Will we never get out of the housing crisis without a programme?
I’m not saying we never will. But we won’t with this current government. If a Tory was here he would agree.
How do you feel when you look back at estates originally designed as council housing and you see the prices of their homes rising and the amount of social housing decreasing?
The schemes have been betrayed by Margaret Thatcher’s right to buy policy. Under a third of the dwellings on the Dunboyne Estate [where Neave Brown now lives and which he completed in 1967) are leaseholders. Two thirds still remain owned by the council but these figures diminish every year. There are lots of leaseholders on Alexandra Road. One of the problems there is that mortgage finance is very difficult to get for a concrete building. People who would become leaseholders can’t get a mortgage. It is utterly absurd.
Source: Rob Schofield
Do we need to build more social housing?
Yes we certainly should.
[Labour leader] Jeremy Corbyn wants to do this, do you agree with him?
Yes he does. It’s almost enough to make me want to vote Corbyn. He is right.
What about affordable housing?
We talk about affordable housing – but that’s a joke. It’s not affordable. It’s just a proportion down from market value.
Do we need standards for homes?
Of course we do.
How do we get better housing?
We need to go back to public housing and proper standards. In England we set it up wrong. The interface between public and private is too complicated. We need a financial concept from the start which is not just about the building of a building but is also about the management of the building. There should be a body responsible from inception to the end of the building. The public and private sector need to work together on this. England set it up wrong after the First World War.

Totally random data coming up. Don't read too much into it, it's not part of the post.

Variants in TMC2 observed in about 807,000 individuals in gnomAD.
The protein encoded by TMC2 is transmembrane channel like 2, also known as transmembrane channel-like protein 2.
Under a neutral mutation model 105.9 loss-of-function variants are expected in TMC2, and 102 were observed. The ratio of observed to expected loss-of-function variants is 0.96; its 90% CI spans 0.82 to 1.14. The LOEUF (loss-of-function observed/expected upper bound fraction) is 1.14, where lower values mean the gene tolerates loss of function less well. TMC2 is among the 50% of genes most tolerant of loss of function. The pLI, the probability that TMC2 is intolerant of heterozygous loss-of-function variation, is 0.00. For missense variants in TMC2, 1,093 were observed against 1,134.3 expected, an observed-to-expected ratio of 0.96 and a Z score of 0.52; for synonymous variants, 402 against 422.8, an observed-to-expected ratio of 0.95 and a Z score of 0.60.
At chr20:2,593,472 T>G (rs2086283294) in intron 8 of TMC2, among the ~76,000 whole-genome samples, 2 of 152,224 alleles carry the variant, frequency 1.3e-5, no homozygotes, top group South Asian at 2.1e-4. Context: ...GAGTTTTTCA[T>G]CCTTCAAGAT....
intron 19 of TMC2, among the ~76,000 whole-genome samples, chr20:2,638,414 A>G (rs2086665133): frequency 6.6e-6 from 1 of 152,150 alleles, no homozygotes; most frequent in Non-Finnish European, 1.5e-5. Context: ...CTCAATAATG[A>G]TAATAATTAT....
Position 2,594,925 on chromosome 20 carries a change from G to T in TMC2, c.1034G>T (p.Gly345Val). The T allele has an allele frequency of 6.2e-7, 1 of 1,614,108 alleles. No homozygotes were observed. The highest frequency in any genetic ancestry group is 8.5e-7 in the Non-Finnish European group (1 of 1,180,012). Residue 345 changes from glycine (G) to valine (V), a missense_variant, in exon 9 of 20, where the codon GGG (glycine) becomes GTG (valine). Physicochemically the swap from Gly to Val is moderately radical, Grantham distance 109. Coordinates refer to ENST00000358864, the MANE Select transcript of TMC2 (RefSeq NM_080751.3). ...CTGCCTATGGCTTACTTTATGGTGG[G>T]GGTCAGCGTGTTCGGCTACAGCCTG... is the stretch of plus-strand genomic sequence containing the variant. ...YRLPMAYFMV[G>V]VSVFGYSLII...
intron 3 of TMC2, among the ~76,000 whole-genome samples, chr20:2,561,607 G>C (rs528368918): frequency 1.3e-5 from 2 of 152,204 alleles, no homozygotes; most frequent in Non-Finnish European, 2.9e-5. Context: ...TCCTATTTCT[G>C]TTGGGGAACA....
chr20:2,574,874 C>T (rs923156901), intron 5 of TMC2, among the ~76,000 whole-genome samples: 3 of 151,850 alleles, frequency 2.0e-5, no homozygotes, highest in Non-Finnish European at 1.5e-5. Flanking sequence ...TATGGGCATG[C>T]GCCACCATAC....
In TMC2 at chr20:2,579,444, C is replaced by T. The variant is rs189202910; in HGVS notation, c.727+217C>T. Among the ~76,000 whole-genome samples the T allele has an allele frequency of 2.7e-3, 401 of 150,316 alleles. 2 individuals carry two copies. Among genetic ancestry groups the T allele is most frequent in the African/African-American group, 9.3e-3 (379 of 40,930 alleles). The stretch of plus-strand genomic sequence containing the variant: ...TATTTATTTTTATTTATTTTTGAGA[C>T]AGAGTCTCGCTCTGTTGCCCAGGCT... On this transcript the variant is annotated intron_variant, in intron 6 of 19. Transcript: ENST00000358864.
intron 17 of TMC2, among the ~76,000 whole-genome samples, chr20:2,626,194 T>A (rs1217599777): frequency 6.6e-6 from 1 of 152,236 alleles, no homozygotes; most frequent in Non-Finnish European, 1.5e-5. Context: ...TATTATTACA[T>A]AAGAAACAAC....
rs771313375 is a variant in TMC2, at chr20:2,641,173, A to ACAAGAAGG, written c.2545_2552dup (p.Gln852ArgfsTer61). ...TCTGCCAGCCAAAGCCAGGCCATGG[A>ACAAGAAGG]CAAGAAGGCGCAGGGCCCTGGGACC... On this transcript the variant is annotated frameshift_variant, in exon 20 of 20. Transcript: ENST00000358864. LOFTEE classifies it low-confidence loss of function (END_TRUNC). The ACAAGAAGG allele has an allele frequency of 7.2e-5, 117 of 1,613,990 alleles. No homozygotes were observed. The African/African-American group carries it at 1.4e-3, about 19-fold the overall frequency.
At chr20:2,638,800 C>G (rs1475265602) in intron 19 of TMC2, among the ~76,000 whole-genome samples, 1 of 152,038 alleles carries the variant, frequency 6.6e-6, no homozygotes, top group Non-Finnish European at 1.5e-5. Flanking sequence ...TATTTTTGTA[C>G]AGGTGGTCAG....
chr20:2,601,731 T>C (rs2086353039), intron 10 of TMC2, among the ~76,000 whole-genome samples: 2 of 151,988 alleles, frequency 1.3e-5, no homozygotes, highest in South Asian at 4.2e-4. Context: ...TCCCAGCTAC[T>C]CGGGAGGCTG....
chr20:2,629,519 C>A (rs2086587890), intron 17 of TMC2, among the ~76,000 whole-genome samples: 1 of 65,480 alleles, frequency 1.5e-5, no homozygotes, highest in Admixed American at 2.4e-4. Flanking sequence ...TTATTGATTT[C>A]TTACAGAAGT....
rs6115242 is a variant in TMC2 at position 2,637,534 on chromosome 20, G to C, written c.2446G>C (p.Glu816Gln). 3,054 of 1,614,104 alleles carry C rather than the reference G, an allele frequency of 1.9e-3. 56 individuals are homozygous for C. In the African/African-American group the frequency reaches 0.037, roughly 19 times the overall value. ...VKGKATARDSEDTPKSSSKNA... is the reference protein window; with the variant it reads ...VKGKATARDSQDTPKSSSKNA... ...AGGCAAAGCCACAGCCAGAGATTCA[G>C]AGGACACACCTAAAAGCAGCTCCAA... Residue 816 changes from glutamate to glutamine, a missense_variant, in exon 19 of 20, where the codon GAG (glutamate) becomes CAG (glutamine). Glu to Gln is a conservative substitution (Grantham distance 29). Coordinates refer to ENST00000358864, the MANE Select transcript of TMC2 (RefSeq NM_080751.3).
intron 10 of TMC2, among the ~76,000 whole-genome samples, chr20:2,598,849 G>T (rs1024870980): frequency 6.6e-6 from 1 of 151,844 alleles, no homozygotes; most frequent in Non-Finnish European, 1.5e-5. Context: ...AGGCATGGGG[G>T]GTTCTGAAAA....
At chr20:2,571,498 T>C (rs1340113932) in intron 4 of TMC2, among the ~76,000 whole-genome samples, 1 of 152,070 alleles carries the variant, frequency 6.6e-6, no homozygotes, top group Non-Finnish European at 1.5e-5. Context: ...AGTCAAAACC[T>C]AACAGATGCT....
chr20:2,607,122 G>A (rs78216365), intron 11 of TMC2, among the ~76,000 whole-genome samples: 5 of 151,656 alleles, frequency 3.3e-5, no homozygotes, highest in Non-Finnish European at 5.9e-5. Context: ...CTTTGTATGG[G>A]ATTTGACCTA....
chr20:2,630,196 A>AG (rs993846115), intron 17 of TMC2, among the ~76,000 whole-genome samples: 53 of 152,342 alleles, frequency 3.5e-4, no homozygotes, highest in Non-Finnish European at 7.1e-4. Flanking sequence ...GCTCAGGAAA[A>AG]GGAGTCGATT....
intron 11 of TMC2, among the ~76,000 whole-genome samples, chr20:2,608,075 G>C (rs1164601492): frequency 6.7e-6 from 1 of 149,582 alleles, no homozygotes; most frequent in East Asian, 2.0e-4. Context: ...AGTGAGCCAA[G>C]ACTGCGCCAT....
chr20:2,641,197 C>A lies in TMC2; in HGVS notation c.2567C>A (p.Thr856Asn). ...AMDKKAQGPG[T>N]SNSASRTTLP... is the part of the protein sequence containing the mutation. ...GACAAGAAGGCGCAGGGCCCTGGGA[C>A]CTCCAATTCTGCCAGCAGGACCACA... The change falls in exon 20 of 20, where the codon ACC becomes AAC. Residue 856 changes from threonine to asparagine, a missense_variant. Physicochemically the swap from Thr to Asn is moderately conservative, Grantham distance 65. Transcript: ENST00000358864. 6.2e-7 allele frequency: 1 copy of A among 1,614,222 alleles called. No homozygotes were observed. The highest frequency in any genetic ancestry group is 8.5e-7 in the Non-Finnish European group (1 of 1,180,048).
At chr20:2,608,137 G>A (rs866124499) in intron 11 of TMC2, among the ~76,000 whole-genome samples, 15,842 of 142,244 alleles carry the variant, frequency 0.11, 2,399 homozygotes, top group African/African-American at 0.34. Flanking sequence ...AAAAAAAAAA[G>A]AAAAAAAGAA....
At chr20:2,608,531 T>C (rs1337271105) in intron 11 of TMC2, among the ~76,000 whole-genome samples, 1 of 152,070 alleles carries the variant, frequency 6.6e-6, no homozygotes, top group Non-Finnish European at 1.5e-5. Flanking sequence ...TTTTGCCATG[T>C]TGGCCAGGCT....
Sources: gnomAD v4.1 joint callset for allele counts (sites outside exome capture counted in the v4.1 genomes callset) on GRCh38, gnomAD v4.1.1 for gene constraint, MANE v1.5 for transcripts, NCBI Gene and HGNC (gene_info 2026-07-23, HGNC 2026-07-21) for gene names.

Can we ever get it right now?
It needs to be rethought - it can be. When the Labour government in1944 brought in the Abercrombie Plan, they did rethink the system. They did it incredibly well. They properly separated out the finance system. At that time the government also refused to build incorrectly and too fast. They didn’t compromise the standards that they wanted to reach, so they set up the prefab programme for the meantime. They realised the values inherent in building were so precious to social need. It had a vision.
Are we missing that vision now?
It is entirely missing.
Do architects have a role to play?
Of course they do but it is very difficult to do that role correctly in the circumstances which exist.
Why aren’t we building housing schemes like Alexandra Road anymore?
You can’t build Alexandra Road without a public programme that doesn’t simply think of the scheme as an object.
At Alexandra Road we wanted to integrate the community with the city
Is the joined up thinking and sense of community present at Alexandra Road, missing from housing today?
Certainly – it’s not even part of the thinking anymore. We wanted to integrate the community with the city and the open space is part of that.
What can the architects today learn from your generation on housing?
There are some good people trying very hard. They are trying to do it right within the constraints that there are. We had a different mindset – it was a different era. The challenges are different now.